Let me know what you think! Is this helpful to anybody?


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Blogging again!

Posted by brainjuicegames on February 4, 2010

Hey guys,

It’s been a while, and this post is to explain where I’ve been this whole time. Last anyone was listening, I was hard at work on Super Energy Metropolis, the sequel to Super Energy Apocalypse, and doing some prototypes of that game. Well, life threw me a few monkey wrenches between then and now and I’m here to explain where I’ve been.

First, I got married, then I got a job, and then I decided I really ought to finish my Master’s thesis.

So, I got married last May and took some time off. Then I was hired by Anthony Pecorella, an employee of, to work on a side project of his called CellCraft.

Anthony got a grant from the McArthur foundation to do an educational game, and contacted me after playing Energy Apocalypse. Some press releases about the project: here’s one from Wake Forest and here’s one from Gamasutra.

Basically, the idea is – a real time strategy game about cellular biology, where the player is the cell. I’ve been working part-time on this since May 2009 and we’re almost finished. We’re due for release in early March. I’m really excited about this one. Here’s a teaser graphic:

Now, the other half of my work day has been spent finishing my Master’s thesis. HARC, being amazing as usual, decided to fund the thesis, which is largely why I got the paper done in less than a year.  This is also why Super Energy Metropolis has yet to materialize. I’ll probably do SEM some day, but for now it’s tabled indefinitely. I’ve just got too many irons in the fire and HARC is interested in other things right now.

For the thesis, I decided to take Super Energy Apocalypse and evaluate whether it increases player’s knowledge of energy economy, and if so, by how much. We did a whole research project on it, collected all kinds of data, crunched it, collated, and stapled it, and now the paper’s finally done. I’d post it here, but my professor wants to shop it around to journals first, so we’ve got a one-year journal hold on its online publication. Check back in January 2011, hopefully we’ll have it published by then 🙂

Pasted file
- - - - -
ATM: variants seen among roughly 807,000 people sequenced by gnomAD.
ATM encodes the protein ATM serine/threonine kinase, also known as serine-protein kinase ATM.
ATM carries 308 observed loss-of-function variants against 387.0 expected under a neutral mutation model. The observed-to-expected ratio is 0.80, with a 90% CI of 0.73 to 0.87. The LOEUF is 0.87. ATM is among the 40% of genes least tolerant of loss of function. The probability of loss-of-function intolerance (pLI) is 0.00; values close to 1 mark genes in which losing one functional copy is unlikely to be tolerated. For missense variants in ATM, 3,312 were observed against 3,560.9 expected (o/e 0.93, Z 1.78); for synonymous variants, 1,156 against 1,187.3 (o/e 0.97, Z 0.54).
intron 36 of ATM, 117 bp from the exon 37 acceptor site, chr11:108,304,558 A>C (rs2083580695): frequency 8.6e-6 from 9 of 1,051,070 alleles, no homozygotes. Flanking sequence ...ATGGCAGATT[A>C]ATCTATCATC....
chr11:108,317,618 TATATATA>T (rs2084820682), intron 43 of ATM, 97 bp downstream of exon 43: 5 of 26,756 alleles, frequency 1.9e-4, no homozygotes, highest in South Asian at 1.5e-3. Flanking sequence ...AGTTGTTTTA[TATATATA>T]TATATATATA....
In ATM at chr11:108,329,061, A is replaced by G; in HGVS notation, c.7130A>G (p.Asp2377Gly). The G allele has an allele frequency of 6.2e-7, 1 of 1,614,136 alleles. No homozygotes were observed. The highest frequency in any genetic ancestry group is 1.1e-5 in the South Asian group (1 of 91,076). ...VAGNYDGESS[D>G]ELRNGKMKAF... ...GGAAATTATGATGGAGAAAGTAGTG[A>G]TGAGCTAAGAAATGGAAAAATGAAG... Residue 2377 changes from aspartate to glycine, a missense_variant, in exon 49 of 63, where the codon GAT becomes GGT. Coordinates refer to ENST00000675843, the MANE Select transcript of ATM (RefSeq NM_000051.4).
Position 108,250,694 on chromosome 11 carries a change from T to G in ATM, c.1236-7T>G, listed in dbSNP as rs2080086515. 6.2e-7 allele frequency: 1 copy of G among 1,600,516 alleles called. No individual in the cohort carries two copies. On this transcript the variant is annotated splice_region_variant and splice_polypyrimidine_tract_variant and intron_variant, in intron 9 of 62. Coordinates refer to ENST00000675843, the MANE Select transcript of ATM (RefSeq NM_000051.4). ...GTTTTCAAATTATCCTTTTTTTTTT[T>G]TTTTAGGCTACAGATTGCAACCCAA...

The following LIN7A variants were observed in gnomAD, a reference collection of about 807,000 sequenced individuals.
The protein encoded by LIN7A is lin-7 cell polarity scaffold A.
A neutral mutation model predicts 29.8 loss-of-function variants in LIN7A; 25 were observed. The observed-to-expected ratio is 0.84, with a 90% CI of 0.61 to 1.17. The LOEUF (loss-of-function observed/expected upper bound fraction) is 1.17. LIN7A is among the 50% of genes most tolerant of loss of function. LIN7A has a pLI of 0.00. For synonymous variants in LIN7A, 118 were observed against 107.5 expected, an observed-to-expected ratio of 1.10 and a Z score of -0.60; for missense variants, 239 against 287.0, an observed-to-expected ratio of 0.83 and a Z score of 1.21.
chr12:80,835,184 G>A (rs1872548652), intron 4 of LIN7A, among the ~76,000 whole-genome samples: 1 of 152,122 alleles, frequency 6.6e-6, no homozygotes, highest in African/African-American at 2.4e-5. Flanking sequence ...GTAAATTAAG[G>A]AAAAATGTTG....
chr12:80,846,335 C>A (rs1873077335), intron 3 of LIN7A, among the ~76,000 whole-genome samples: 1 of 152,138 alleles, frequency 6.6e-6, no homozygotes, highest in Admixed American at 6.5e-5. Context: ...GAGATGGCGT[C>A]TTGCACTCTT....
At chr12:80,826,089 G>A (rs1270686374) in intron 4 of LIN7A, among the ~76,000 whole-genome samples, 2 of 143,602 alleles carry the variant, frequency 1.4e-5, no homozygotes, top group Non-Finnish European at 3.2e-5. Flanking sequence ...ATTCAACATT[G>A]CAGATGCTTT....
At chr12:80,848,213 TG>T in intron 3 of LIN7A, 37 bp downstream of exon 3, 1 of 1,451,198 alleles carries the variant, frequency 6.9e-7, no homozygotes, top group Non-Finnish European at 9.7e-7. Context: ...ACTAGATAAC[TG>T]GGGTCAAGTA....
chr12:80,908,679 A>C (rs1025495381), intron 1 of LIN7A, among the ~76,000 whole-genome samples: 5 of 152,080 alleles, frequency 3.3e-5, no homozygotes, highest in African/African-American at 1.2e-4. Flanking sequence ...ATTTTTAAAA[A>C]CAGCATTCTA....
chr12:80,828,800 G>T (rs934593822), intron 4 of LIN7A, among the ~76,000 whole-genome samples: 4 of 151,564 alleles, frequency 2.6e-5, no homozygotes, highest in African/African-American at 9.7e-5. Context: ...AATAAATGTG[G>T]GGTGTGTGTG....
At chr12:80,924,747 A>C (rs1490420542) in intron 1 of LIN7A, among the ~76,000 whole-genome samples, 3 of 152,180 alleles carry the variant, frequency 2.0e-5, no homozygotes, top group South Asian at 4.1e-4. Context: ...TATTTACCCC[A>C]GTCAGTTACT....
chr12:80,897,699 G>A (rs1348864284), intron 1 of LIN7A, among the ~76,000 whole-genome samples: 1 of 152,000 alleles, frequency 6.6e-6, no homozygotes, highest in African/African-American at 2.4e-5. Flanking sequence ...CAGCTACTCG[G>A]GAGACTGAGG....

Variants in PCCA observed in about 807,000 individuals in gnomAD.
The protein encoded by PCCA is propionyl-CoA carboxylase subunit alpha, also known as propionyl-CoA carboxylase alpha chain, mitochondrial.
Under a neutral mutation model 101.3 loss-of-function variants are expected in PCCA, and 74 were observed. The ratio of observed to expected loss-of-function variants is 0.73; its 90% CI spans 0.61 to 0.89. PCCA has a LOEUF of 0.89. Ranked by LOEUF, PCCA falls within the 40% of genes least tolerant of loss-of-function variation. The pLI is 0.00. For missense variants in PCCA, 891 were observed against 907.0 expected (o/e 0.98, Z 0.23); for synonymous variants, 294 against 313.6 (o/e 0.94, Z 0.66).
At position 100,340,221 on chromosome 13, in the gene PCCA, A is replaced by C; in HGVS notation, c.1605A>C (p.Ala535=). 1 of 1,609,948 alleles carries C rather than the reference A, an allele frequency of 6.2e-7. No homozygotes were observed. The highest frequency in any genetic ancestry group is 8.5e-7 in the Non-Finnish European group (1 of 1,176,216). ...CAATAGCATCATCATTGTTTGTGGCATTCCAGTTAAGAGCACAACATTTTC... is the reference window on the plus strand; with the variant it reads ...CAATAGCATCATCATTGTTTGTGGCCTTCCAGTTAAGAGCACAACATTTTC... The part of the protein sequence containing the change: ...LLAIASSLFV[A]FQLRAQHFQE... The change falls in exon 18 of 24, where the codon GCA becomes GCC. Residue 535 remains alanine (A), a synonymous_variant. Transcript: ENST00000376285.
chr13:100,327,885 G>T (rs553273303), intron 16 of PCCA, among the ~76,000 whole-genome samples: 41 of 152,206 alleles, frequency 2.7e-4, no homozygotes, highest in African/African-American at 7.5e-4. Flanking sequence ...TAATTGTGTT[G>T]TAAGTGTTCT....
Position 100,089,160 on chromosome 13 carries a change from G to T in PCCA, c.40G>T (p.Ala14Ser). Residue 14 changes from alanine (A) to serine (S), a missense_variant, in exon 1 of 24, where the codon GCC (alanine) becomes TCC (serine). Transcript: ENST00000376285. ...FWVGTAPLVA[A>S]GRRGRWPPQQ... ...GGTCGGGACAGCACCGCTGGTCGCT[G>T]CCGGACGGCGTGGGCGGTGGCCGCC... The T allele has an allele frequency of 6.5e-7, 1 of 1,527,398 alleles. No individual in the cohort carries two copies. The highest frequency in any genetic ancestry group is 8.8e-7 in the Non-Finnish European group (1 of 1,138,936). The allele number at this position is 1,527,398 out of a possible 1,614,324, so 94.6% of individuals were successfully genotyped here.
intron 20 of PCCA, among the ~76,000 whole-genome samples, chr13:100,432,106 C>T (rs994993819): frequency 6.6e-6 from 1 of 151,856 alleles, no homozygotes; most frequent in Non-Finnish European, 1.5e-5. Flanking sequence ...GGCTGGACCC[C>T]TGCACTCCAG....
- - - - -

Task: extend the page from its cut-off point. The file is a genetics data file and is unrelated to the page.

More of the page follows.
So, sad as it is to say, Super Energy Metropolis will have to wait for a while before it sees the light of day. But rest assured, dear gamers, that we’ve got tons of other cool stuff coming out the gate here at Brain Juice Games!

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Design 101 : First Principles

Posted by brainjuicegames on March 2, 2009

Le Steve Jobs

Le Steve Jobs

Design. Talk about a mystifying word. I don’t know about you, but for years, when someone said “Design” I always thought of an elite group of intellectuals in black turtlenecks, berets, and fake French accents going, “No, I theenk eet needz more red!”

Then, I went to Architecture school and learned how to make video games. I know what you guys are thinking – “What in tarnation could Architecture school possibly have to do with video games?” Well, in detail, not a lot at all. In principle, quite a bit.

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Posted in Fadupinator | Tagged: , , | 1 Comment » – first post!

Posted by brainjuicegames on March 2, 2009


The future of the past -- today!

Hey guys!

This is the new blog system for We’ll be taking all the old content from Fadupinator and rolling it on up here. This is also where you’ll see all of our new articles on game design that we’ve been cooking up. Hope to see you soon!

-Lars out